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Everything posted by Chad

  1. Part Three is an excellent way to round out the course. Seems like a good place to link to the Chemotherapy: Cooking for a Patient thread as it deals with many of the same issues. Great work, folks. Chad
  2. Chad

    Bean Flour

    I use that bread recipe a lot. It's my wife's favorite, so whenever I feel like baking bread, that's generally her request. I don't use the bean flour, mainly because I don't keep any on hand. I can attest, however, that the addition of the semolina and the balsamic vinegar make a huge difference in the taste of the loaf. I've made mine with and without each, and it's vastly improved with both. The other trick she mentions, misting the loaf, makes a big difference in the way the crust develops. Have fun, Chad
  3. I really enjoyed this, as well. Nice work. Chad
  4. Another resource: Envision is a not-for-profit here in Wichita that serves people with macular degeneration, low vision and no vision. They have a retail store that sells adaptive aids for the visually impaired. There's some pretty nifty kitchen stuff available -- White Canes & More. Chad
  5. I'm really looking forward to eating at Louis's place. Anything you recommend? Chad
  6. Tom, if you wanna see a culinary wasteland, join me out here in Kansas! . I enjoyed living in Greenville. It's a pretty great place. And there is plenty of good food. The restaurants I mentioned were all within walking distance of my house -- as were a fistful of others worth eating at. Fine, formal dining? Not much to speak of, at least there wasn't when I left six years ago. But if you can't find anything else . . . well, your standards must be a lot higher than mine. Chad
  7. As a new eGulleter, you certainly are . Welcome! And if you've got Henderson's book, I suppose that makes you doubly hip. Soon you'll be so hip you'll have trouble seeing over your pelvis. Take care, Chad
  8. More great acts-of-kindness stories can be found in the discussion of Ingridsf's article. Restaurants doing a little something extra pays off in big ways. Chad
  9. Cool, you have a Chantry. Very nice system. The Razor's Edge Mousetrap Steel is also a very handy product, especially for restaurant volume steeling. For everyday use, Brooks, you might take a look at the EdgePro ceramic steel. These things are amazing and significantly better than any grooved (or even smooth) steel. My sharpening regimen has been greatly reduced since I switched over to one. Chad
  10. Very nice writeup on the book by Russ Parsons in today's LA Times Food Section Foodies Go Hog Wild. There's even an eGullet mention. The book is indeed making a splash Chad
  11. Jon, that's just disturbing. Chad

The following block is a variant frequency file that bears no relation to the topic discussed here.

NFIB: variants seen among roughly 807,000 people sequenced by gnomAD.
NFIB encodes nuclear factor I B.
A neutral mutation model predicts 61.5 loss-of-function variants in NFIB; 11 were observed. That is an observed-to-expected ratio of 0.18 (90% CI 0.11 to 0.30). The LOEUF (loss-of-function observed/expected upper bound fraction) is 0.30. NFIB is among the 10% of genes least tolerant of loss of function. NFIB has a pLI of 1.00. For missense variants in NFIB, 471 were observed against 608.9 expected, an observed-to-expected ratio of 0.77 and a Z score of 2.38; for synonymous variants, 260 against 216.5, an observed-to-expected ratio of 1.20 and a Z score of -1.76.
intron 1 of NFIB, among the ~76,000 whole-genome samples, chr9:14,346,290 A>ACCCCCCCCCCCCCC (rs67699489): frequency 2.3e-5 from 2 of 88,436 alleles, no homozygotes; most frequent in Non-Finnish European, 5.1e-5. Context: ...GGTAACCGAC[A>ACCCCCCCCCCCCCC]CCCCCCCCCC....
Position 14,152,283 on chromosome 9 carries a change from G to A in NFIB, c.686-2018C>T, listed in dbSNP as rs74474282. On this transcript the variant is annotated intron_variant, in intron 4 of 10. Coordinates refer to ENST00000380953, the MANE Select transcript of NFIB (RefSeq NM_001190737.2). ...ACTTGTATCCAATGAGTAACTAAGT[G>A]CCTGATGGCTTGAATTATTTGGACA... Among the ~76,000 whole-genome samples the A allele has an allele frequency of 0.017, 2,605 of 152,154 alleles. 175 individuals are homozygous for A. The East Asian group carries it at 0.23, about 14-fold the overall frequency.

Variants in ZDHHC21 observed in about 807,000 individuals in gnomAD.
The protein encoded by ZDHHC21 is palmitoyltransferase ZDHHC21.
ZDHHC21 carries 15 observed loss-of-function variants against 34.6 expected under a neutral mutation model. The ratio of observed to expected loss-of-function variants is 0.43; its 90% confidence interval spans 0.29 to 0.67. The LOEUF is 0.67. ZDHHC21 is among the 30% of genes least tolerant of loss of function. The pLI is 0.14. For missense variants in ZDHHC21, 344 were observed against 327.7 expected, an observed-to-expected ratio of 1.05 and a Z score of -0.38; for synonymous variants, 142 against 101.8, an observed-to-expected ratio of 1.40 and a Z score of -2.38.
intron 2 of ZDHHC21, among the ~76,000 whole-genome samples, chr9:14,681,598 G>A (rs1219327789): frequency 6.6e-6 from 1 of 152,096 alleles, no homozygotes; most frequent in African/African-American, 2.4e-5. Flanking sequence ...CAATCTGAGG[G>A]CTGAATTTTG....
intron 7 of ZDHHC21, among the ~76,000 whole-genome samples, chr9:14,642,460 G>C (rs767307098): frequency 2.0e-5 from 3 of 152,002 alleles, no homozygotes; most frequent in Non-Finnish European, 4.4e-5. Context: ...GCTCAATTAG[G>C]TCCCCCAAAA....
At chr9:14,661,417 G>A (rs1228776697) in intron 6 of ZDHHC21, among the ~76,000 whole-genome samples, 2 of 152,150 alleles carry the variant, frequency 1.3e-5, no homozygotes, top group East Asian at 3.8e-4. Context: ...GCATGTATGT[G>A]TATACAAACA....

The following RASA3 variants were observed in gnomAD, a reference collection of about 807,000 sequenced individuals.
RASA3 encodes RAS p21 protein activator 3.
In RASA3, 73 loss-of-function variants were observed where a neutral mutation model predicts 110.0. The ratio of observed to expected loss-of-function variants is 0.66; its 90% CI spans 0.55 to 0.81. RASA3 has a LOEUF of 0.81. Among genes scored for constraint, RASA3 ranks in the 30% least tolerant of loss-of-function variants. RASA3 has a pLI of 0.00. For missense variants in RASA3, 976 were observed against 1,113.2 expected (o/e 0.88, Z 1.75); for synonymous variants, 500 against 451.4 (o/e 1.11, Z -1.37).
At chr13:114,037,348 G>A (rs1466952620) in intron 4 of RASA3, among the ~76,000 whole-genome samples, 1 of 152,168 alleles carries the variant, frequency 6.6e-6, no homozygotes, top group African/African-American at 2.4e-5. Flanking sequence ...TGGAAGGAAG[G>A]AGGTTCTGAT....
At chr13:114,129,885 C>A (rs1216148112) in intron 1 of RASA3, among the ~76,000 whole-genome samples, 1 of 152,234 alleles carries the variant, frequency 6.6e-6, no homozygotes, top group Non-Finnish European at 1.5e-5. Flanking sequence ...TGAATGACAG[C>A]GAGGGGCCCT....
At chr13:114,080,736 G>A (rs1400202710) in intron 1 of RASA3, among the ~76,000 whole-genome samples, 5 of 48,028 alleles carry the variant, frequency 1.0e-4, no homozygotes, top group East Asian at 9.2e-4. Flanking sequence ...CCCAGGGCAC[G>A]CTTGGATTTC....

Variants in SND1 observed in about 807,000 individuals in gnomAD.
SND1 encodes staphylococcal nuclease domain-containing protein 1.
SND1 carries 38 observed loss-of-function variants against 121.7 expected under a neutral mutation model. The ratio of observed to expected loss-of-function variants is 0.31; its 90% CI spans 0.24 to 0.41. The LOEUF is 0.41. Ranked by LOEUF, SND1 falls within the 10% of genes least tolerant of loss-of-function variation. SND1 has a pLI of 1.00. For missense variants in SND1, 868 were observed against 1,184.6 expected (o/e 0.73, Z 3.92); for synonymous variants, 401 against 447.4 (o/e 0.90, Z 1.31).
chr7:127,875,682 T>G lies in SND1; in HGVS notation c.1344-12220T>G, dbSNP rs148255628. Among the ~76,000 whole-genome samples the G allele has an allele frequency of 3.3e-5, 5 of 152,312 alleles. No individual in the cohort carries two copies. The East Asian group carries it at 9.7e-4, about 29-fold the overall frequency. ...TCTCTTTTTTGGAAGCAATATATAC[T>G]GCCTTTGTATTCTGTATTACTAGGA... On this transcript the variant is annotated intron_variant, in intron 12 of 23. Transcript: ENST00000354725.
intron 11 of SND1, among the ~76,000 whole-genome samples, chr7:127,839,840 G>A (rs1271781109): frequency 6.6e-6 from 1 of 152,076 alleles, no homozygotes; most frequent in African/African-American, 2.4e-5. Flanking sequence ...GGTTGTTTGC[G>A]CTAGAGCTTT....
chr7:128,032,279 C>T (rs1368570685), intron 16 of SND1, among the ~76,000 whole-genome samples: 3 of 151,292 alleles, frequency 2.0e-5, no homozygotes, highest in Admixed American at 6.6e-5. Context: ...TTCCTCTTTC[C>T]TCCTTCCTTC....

12. Yep, turducken is a Louisiana thing. Specifically, it's a Paul Prurdhomme thing. Jeffrey Steingarten in It Must Have Been Something I Ate tracks the history and origin of the turducken and discovers that Prudhomme's claim to have invented the thing in the 1960s is true ("Birds of a Feather, pages 225-236). Gotta take exception to this statement: Nope. Mustard-based barbecue is found only in Columbia and lower. Upstate barbecue is much more like NC barbecue with a mix of vinegar/red pepper sauces and ketchup based red sauces.As for dining in the upstate, Greenville has some pretty damn good restaurants. Seven Oaks was fun for more formal dining, but I believe it's closed. Downtown, Ristorante Bergamo has good food. Trio is good. Barleys makes one of the best pizzas I've ever had, and Soby's used to be pretty good, though I've heard that the quality has declined. Don't know much about Charleston. I don't like the place. I'm having dinner at Louis Osteen's place in Pawleys in a couple of weeks. I'll let y'all know how it goes. Chad
  13. Congrats on your Sabatier! Very nice knife. I have seen the Benchmade set, though I haven't had the pleasure of playing with the knives. The reports and reviews I've seen have been very good. It's a nice set (though overpriced, I think), and it was cool to see Benchmade stretching out a little. Another knife to consider -- and I can't believe I didn't think of this before -- is the Spyderco 9" chef's knife. The Spyderco line of kitchen knives is generally excellent, especially considering the price. They take a good edge, handle well and are easy to maintain. Chad
  14. Wonderful! Thanks so much. Must get busy. There's drinking to be done. Chad
  15. Now that's just cool. My SuperChiles are supposedly a hybrid of Thai Bird Chiles and pequins, though they were not as hot as I expected. I'll have to look into the rocotos. I'm always looking for serious heat with serious flavor. Heat alone is boring and pointless. That's one reason I was so disappointed in my Habaneros last year. They had a nice fruity flavor, but not the heat that I'd expected. I really wanted to make a Habanero/mango ice cream. This is probably deserving of another thread, but have any of y'all tried the Toad Sweat line of dessert hot sauces? I got a gift pack for Christmas and I've been itching to try them. Chad